The cities in the province Siena are some of the most picturesque little towns I have ever seen. When driving through the country side, one is never more than a 15 minute drive away from one of many small villages. Each has a main street, a church, and a few restaurants. Since there were many wars between cities, each city is built at the top of a hill for good war strategy. We are staying at another Agrotourismo (essentially a B&B) that is not situated in any specific town, but is close to a couple different towns.
As we drive along the high way through the country side, I can see the rolling hills of the countryside stretching out for miles. The hills look like they are checkered with green, brown, and yellow fields. The main highway is very well kept, but the smaller roads used to get to the smaller villages can be quite bumpy, and sometimes seem to be paved with gravel.
As we visit each town, we will look for a good gelato place. The biggest tip for finding the best gelateria is to make sure it is not piled up high or is soft. When it is piled up high, it is full of preservatives to make it look better. That type is also whipped so that more air is incorporated, making it less creamy and rich. Another tip is to look at the banana flavour, and the mint. If the banana is yellow or the mint is green, then that place adds food colouring to it. Handmade banana gelato that has no chemical enhancements has a grey colour as the actual banana oxidizes, while mint will be white because the colour of the leaves do not colour the dairy.
The town of Siena (which the area around it is named after) was once a superpower to rival Rome, with palaces adorning the streets we walked along. Now-days the city is separated into 17 different districts, 10 of which are chosen to compete in yearly Siena horse race. rivalries between areas are common, so there is a large police presence at the race. We were there 3 days before the race, and already the dirt circuit was in place in the main square, spectator stands put up, and fencing surrounding the race track. Each district has its own flag that people wear as scarves, and there is a big feast for all the people in the district to attend, so it brings each district together while creating rivalry in the city.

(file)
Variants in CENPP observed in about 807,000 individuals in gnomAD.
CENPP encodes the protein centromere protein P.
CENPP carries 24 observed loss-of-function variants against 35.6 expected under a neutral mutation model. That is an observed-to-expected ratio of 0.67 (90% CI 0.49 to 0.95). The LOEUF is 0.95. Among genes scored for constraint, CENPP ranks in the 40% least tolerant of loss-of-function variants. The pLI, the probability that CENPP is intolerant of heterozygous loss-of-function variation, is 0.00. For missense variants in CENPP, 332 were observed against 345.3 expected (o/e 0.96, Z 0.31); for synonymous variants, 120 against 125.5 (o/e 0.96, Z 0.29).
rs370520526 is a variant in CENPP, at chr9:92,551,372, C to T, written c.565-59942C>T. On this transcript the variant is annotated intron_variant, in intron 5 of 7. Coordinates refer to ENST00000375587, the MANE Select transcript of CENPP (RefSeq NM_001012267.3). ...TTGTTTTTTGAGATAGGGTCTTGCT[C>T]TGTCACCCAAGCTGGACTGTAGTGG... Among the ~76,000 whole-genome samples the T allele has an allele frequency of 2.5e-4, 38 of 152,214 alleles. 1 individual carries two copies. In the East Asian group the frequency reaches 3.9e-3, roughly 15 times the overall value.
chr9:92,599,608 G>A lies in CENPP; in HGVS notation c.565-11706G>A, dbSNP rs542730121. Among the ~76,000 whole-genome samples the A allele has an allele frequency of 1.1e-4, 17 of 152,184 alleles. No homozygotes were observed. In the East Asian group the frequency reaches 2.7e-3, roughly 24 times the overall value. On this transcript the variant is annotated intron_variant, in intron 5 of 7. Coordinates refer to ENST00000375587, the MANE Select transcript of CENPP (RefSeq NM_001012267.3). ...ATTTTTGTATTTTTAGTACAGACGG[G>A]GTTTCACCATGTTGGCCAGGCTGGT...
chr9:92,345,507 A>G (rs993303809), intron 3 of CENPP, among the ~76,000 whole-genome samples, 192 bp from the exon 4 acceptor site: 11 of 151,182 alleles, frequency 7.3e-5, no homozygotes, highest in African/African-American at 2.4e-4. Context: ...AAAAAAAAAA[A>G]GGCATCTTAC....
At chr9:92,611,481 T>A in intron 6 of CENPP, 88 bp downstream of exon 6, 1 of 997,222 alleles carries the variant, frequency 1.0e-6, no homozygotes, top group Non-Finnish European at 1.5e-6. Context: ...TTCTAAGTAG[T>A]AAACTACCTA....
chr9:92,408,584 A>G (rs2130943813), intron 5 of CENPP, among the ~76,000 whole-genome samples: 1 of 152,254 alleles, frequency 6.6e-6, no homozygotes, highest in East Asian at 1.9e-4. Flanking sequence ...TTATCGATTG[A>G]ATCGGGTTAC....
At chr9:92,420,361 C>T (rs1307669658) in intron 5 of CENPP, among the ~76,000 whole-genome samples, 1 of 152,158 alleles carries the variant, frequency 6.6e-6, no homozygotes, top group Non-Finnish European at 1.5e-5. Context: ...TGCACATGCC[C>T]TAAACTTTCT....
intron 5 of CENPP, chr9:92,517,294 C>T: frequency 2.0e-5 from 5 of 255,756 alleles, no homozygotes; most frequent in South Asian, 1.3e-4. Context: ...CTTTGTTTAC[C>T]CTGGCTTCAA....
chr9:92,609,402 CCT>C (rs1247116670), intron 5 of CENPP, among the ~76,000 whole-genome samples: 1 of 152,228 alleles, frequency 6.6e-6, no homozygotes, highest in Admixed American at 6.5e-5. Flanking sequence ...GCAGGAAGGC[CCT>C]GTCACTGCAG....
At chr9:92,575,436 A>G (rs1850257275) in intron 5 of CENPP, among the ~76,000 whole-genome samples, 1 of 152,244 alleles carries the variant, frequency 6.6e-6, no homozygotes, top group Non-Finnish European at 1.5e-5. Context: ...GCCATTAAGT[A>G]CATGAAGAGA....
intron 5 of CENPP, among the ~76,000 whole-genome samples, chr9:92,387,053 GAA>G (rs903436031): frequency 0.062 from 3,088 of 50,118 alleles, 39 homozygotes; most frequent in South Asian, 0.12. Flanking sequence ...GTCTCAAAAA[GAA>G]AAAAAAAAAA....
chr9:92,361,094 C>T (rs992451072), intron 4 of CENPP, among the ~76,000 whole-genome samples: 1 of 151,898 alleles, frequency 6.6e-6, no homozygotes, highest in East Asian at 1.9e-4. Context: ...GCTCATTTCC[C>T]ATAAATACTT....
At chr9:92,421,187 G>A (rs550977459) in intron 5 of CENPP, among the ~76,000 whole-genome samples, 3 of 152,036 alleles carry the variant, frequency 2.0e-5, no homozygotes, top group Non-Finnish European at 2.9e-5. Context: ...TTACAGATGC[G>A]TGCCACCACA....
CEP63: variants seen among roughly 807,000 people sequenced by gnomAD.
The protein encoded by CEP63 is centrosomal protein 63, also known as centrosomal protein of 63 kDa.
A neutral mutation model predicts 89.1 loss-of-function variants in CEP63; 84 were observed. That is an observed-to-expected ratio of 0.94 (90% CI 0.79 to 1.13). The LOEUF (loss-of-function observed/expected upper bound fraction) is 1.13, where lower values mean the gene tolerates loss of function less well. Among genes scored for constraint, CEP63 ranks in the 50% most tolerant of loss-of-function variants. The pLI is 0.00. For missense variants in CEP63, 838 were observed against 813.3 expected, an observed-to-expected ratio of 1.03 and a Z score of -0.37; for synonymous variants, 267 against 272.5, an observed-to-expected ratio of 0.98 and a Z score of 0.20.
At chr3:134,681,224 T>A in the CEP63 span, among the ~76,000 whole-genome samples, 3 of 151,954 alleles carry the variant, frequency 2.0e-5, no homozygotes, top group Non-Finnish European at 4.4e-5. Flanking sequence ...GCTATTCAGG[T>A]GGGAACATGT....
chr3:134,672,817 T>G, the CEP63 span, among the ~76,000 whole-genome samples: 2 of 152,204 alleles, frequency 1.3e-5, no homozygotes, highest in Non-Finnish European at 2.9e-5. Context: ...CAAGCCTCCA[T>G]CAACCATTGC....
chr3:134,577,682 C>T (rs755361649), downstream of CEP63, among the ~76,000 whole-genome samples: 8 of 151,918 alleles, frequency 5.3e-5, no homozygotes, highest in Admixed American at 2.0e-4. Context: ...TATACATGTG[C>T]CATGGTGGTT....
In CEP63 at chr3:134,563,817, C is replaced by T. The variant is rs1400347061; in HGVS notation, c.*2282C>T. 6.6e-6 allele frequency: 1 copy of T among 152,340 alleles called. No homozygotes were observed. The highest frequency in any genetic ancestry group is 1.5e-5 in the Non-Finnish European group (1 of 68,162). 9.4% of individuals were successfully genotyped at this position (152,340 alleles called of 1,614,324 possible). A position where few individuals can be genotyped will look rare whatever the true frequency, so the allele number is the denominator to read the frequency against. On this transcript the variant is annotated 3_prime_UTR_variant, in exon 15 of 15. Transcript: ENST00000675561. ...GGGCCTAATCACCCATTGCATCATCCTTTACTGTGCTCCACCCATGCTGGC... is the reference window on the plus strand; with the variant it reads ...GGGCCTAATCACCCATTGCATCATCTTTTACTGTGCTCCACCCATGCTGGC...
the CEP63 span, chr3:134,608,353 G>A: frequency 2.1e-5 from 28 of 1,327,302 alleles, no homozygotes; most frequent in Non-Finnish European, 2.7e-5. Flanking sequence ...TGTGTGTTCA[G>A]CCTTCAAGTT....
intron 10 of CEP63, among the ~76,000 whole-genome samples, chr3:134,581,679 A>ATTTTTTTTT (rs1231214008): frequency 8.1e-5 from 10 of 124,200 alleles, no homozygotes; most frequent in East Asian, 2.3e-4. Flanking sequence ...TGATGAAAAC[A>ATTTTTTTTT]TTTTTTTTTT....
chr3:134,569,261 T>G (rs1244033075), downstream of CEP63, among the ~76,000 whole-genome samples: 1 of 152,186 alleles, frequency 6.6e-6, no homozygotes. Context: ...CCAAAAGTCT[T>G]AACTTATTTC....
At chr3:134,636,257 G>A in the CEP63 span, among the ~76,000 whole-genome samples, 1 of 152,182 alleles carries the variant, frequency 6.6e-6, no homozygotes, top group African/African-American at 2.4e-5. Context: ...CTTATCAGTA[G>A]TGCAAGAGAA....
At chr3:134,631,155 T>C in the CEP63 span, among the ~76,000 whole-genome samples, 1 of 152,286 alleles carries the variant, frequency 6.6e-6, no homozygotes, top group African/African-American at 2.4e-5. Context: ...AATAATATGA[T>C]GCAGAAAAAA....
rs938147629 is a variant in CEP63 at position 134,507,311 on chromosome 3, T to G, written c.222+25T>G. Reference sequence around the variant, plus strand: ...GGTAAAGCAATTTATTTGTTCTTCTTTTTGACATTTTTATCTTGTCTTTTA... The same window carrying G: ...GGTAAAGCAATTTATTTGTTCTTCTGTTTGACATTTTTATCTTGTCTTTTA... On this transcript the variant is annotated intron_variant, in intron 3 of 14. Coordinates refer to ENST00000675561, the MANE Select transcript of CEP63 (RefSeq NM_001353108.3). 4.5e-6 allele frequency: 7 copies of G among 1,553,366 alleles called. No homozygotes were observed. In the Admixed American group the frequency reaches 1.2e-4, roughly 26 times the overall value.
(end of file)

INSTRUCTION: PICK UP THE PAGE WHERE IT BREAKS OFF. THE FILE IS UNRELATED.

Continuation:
The city itself looks very medieval, which shows that when the town was created, war was an ongoing event, happening frequently and without warning. In a painting in one of the churches we visited, one of the 12 months depicted in the picture was the month of war, shown by a man on horseback carrying a sword.
My favourite small town was Pienza. I liked it because the views from the city walls were superb, the hills rolling on and on for miles, completely untouched with mass development projects or blocks of townhouses. In the city, we found the best gelato shop we have ever been to, the man who served us was the same man that made the gelato himself! There were 8 flavours total, and all of them were exotic combinations like strawberry and rosemary or chocolate ginger. Even though the flavours didn’t sound especially good, they were perfect, the spice never overpowering the main flavour.
I love the small towns of Tuscany because they are a perfect example of a medieval town built to defend against attacks. I also like the walls that surround all of the cities, rising up perhaps 50 feet, it would have looked like a daunting task for any intruders, but happily I can stroll right in!